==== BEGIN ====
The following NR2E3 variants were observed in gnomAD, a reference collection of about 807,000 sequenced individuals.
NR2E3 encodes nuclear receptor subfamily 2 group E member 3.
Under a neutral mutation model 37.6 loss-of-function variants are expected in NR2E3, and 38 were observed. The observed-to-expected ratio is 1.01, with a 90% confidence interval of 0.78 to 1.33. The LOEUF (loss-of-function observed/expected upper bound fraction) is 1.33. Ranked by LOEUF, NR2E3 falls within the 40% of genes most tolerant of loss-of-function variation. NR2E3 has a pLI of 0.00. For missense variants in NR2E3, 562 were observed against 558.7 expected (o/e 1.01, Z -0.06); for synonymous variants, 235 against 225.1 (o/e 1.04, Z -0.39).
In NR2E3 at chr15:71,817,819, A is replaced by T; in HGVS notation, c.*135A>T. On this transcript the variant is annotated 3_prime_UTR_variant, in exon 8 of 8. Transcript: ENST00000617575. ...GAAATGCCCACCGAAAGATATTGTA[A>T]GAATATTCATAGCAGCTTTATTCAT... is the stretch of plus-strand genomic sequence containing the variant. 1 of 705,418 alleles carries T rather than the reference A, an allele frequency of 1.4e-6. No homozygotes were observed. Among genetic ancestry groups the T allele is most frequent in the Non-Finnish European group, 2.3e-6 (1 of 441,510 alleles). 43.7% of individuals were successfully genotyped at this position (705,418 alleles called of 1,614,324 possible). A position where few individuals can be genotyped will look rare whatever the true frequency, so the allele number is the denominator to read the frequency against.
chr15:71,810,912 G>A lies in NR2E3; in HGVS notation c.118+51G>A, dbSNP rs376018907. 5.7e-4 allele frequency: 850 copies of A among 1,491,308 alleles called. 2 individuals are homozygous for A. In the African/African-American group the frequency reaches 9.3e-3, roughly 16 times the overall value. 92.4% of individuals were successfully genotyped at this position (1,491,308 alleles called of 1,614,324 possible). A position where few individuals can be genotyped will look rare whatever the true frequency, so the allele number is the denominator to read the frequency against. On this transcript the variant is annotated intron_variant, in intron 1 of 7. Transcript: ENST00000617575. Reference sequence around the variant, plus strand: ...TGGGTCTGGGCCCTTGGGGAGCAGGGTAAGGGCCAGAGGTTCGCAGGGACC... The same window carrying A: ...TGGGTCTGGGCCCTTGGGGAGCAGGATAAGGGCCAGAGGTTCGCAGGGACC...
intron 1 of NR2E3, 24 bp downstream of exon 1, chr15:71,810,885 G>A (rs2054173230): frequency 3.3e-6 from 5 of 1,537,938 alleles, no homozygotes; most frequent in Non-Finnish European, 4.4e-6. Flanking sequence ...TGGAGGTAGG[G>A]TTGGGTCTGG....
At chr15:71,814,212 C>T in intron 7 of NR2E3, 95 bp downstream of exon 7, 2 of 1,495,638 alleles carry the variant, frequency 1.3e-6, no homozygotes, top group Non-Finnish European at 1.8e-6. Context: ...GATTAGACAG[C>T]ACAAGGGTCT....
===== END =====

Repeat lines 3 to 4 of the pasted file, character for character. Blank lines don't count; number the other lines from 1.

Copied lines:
Under a neutral mutation model 37.6 loss-of-function variants are expected in NR2E3, and 38 were observed. The observed-to-expected ratio is 1.01, with a 90% confidence interval of 0.78 to 1.33. The LOEUF (loss-of-function observed/expected upper bound fraction) is 1.33. Ranked by LOEUF, NR2E3 falls within the 40% of genes most tolerant of loss-of-function variation. NR2E3 has a pLI of 0.00. For missense variants in NR2E3, 562 were observed against 558.7 expected (o/e 1.01, Z -0.06); for synonymous variants, 235 against 225.1 (o/e 1.04, Z -0.39).
In NR2E3 at chr15:71,817,819, A is replaced by T; in HGVS notation, c.*135A>T. On this transcript the variant is annotated 3_prime_UTR_variant, in exon 8 of 8. Transcript: ENST00000617575. ...GAAATGCCCACCGAAAGATATTGTA[A>T]GAATATTCATAGCAGCTTTATTCAT... is the stretch of plus-strand genomic sequence containing the variant. 1 of 705,418 alleles carries T rather than the reference A, an allele frequency of 1.4e-6. No homozygotes were observed. Among genetic ancestry groups the T allele is most frequent in the Non-Finnish European group, 2.3e-6 (1 of 441,510 alleles). 43.7% of individuals were successfully genotyped at this position (705,418 alleles called of 1,614,324 possible). A position where few individuals can be genotyped will look rare whatever the true frequency, so the allele number is the denominator to read the frequency against.